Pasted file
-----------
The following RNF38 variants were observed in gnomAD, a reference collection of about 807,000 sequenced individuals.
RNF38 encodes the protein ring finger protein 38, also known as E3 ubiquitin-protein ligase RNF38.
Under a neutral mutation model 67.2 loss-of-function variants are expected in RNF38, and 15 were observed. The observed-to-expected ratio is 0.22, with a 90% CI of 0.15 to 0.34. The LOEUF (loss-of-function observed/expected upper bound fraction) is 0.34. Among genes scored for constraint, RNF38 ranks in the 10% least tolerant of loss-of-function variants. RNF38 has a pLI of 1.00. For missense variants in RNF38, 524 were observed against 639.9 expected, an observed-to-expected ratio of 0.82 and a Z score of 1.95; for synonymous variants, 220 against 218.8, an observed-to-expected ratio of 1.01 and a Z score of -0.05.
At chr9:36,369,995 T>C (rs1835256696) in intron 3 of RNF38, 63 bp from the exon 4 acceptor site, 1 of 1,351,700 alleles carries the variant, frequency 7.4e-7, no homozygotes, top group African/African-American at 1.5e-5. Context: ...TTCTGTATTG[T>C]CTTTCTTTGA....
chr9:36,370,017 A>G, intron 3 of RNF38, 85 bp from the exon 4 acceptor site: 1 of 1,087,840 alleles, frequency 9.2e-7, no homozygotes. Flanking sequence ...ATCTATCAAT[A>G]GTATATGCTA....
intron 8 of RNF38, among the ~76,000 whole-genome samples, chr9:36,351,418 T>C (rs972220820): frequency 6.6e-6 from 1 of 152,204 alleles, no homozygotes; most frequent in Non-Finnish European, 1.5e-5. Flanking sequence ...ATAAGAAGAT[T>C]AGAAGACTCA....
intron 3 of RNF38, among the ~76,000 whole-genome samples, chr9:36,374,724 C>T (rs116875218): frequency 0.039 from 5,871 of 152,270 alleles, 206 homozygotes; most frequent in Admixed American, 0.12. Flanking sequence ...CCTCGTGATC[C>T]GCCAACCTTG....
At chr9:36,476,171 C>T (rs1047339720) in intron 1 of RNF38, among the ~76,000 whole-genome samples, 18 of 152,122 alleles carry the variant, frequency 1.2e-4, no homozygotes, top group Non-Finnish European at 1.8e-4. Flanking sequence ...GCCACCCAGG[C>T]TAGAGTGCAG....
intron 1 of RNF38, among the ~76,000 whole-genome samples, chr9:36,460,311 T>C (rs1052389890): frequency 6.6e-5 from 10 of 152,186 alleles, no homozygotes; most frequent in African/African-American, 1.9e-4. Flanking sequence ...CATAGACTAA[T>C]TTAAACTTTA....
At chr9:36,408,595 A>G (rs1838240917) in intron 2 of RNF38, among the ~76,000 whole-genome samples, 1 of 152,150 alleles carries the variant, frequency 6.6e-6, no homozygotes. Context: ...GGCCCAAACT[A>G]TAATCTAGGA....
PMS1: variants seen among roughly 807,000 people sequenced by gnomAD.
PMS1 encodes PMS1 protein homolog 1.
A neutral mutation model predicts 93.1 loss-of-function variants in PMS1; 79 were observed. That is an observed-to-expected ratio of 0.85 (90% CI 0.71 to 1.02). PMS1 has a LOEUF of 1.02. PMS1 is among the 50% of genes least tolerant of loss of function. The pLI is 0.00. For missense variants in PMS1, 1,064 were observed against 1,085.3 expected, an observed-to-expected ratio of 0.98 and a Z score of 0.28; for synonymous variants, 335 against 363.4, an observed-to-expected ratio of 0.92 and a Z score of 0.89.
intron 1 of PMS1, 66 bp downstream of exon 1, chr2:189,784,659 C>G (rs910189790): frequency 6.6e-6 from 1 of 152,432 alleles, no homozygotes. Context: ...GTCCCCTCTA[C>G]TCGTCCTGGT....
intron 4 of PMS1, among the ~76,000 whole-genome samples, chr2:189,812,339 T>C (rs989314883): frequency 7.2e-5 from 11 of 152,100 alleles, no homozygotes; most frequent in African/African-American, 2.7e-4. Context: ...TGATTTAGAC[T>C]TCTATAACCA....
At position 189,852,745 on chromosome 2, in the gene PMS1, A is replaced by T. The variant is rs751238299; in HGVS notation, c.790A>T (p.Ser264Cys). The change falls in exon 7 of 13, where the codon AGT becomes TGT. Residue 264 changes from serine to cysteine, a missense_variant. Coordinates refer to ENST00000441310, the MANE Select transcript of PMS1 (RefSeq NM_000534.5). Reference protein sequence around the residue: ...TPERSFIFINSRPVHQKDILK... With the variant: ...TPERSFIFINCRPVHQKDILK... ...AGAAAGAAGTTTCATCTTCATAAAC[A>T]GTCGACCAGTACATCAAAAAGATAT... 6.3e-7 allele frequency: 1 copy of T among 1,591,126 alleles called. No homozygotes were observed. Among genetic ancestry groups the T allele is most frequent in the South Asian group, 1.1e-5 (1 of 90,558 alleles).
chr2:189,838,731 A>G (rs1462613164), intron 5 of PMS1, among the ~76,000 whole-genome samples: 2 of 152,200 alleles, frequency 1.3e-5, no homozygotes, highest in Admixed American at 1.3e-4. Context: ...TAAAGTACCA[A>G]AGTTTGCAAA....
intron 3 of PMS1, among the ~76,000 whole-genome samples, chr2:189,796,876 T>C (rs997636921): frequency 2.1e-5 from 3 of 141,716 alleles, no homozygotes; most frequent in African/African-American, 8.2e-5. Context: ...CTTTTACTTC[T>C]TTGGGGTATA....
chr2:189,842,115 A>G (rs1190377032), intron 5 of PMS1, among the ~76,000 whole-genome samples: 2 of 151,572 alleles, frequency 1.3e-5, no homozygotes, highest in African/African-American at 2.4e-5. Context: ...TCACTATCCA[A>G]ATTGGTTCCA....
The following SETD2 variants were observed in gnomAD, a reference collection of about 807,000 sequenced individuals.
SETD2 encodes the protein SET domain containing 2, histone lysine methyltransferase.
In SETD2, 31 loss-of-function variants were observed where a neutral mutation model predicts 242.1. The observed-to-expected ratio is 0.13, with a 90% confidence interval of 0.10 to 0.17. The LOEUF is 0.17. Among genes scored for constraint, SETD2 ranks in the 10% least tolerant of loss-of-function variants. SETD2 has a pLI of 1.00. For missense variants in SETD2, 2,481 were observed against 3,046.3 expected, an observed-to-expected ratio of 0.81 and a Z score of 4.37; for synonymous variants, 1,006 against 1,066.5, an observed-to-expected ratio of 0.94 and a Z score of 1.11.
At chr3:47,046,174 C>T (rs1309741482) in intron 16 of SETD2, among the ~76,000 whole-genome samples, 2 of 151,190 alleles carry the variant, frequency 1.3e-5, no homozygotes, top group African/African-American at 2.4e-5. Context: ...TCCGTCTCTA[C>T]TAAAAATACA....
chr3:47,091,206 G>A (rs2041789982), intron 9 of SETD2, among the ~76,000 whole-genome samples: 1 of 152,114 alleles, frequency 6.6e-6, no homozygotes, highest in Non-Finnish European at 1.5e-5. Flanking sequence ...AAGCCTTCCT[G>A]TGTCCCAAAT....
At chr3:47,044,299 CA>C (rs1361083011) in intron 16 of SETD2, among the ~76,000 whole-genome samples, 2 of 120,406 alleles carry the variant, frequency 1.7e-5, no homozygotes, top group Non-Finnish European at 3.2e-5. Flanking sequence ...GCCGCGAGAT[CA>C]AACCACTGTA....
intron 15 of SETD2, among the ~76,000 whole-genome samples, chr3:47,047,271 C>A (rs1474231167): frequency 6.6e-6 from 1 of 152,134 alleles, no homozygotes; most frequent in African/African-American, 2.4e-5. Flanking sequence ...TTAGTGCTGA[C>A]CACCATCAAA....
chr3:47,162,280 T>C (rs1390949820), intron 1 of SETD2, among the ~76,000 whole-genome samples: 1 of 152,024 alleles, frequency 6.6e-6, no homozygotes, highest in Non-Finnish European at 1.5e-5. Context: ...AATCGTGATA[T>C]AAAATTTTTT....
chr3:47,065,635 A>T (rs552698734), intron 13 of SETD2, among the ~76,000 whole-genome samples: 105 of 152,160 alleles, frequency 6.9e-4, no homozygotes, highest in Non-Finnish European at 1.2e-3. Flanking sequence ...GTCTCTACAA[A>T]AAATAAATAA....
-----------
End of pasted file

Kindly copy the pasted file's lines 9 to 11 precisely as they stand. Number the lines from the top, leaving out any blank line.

intron 1 of RNF38, among the ~76,000 whole-genome samples, chr9:36,460,311 T>C (rs1052389890): frequency 6.6e-5 from 10 of 152,186 alleles, no homozygotes; most frequent in African/African-American, 1.9e-4. Flanking sequence ...CATAGACTAA[T>C]TTAAACTTTA....
At chr9:36,408,595 A>G (rs1838240917) in intron 2 of RNF38, among the ~76,000 whole-genome samples, 1 of 152,150 alleles carries the variant, frequency 6.6e-6, no homozygotes. Context: ...GGCCCAAACT[A>G]TAATCTAGGA....
PMS1: variants seen among roughly 807,000 people sequenced by gnomAD.